# How do you find the Least common multiple of 30ab^3, 20ab^3?

##### 2 Answers
Dec 29, 2016

The LCM is $60 a {b}^{3}$.

#### Explanation:

The least common multiple (or LCM) of two numbers is the product of the largest amounts of each (prime) factor that appear in either number. In other words, it is the smallest value that we can guarantee will have both numbers as factors.

Step 1: Factor both numbers.

$30 a {b}^{3}$ has the factors $\left[\left(2 , 3 , 5 , a , {b}^{3}\right)\right]$.
$20 a {b}^{3}$ has the factors $\left[\left({2}^{2} , , 5 , a , {b}^{3}\right)\right]$.

Step 2: Compare the powers of each factor that appear in both numbers, and circle the one that's bigger.

The factor $2$ appears once in $30 a {b}^{3}$, and it appears twice in $20 a {b}^{3}$. Circle the ${2}^{2}$.

$\left[\begin{matrix}2 & 3 & 5 & a & {b}^{3} \\ \left({2}^{2}\right) & \null & 5 & a & {b}^{3}\end{matrix}\right]$

The factor $3$ appears once in $30 a {b}^{3}$, and not at all in $20 a {b}^{3}$. Circle the $3$.

$\left[\begin{matrix}2 & \left(3\right) & 5 & a & {b}^{3} \\ \left({2}^{2}\right) & \null & 5 & a & {b}^{3}\end{matrix}\right]$

The remaining three factors $\left(5 , a , {b}^{3}\right)$ appear the same number of times in both numbers. Circle either appearance of these factors.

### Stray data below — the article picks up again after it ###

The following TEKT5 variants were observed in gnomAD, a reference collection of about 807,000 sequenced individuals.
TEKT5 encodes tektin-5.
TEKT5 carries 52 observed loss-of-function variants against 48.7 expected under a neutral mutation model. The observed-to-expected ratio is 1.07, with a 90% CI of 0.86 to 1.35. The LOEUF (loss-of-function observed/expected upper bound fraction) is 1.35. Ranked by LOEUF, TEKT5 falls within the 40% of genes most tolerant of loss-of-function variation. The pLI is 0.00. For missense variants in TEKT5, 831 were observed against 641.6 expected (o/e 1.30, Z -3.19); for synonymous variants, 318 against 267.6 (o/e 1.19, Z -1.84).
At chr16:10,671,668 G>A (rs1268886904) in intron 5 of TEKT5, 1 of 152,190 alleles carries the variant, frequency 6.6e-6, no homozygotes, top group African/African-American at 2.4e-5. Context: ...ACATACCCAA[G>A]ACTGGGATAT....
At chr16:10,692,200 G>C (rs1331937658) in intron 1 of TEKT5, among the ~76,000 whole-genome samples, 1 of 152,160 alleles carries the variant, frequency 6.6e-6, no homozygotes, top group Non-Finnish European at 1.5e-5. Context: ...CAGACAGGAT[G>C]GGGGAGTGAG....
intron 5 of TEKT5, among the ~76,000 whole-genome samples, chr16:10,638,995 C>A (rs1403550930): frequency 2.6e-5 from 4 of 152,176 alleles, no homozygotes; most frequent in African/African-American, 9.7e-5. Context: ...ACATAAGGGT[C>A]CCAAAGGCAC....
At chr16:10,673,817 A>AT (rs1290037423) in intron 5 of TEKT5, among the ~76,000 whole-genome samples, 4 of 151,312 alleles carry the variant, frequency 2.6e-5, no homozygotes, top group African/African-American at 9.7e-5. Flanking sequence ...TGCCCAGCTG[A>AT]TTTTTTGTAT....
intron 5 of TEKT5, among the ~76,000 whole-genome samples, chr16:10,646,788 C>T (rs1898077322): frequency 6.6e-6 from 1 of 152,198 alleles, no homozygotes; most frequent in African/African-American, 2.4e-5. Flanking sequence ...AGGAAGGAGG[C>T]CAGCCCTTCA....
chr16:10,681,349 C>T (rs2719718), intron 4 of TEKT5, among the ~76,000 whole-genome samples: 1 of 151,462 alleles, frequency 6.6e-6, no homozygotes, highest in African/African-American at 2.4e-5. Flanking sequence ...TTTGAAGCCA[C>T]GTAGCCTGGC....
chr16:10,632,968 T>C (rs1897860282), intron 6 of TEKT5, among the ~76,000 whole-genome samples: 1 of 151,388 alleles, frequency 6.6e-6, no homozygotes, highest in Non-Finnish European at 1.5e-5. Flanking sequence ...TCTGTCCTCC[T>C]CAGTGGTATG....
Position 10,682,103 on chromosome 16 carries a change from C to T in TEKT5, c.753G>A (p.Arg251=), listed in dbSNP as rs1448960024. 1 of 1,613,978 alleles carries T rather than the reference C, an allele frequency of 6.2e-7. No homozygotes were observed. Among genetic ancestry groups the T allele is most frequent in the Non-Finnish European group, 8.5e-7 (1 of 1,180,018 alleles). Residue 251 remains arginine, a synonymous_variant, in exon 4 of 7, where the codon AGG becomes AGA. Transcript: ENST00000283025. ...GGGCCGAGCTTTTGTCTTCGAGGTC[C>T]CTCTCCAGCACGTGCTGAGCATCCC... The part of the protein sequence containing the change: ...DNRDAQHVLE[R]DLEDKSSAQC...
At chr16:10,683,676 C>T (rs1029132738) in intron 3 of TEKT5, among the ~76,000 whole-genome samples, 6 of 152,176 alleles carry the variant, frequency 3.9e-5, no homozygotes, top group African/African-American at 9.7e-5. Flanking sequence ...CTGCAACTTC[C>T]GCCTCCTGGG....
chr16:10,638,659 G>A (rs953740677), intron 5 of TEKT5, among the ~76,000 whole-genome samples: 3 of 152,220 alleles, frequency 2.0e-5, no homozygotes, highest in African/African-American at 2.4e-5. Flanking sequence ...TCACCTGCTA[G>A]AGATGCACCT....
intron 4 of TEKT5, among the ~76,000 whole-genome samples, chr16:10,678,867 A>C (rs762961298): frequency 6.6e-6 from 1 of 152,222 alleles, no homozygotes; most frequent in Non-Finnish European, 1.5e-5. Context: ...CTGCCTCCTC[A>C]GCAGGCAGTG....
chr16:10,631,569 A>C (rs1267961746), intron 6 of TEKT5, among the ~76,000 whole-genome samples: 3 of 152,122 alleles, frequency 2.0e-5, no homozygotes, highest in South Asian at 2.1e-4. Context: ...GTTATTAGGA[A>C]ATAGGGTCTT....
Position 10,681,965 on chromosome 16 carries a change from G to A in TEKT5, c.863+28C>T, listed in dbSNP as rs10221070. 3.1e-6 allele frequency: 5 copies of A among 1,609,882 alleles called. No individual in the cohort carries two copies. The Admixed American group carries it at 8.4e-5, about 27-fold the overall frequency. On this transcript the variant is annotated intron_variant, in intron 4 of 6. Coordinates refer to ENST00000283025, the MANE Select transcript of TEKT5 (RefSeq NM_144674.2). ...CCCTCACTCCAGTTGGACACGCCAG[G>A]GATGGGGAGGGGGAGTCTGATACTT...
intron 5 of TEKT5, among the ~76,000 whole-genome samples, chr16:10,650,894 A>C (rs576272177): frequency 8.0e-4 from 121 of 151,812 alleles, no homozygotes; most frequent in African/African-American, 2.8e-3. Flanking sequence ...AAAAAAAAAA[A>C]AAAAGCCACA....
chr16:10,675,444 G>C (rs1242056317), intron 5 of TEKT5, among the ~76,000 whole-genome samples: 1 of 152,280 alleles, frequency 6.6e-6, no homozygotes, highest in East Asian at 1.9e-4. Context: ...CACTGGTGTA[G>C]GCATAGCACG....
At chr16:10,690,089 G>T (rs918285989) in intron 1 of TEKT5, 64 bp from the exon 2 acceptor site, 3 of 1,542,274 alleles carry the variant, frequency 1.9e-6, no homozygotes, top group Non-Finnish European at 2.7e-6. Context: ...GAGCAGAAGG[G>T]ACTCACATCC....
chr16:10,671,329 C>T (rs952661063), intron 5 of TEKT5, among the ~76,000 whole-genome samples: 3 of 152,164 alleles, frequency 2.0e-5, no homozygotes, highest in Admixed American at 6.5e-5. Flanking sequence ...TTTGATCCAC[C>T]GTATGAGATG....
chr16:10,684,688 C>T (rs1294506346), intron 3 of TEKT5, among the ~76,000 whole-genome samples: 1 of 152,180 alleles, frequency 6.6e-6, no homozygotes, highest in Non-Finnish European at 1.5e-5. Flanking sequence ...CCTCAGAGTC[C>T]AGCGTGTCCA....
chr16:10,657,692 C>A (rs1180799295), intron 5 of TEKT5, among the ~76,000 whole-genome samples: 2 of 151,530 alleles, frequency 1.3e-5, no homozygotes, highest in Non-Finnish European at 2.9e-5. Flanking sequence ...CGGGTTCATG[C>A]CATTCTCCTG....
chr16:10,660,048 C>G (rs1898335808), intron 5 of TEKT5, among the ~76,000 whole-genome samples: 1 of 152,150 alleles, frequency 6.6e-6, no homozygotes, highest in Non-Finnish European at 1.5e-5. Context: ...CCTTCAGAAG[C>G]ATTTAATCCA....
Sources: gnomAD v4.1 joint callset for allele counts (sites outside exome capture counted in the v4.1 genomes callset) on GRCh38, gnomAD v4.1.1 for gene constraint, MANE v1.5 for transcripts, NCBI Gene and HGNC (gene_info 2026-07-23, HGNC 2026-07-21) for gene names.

$\left[\begin{matrix}2 & \left(3\right) & 5 & a & {b}^{3} \\ \left({2}^{2}\right) & \null & \left(5\right) & \left(a\right) & \left({b}^{3}\right)\end{matrix}\right]$

Step 3: Multiply these circled values together.

The circled values are $\left({2}^{2}\right) \left(3\right) \left(5\right) \left(a\right) \left({b}^{3}\right)$. The product of these values is

$60 a {b}^{3}$

This is our least common multiple.

Dec 30, 2016

The LCM is $60 a {b}^{3}$

#### Explanation:

$a {b}^{3}$ is in both of them so we only need to look at the numbers to determine LCM.

$\textcolor{b l u e}{\text{Condition 1}}$
The last digit in both 30 and 20 is 0. So the multiple must also end in 0.

$\textcolor{b l u e}{\text{Condition 2}}$
The first digits are 3 and 2. The 2 means that they both have to be factors of an even number. The closest even number they both divide exactly into is 6.

$\textcolor{b l u e}{\text{Combining condition 1 and 2}}$
6 put with 0 gives 60

Thus the LCM is $60 a {b}^{3}$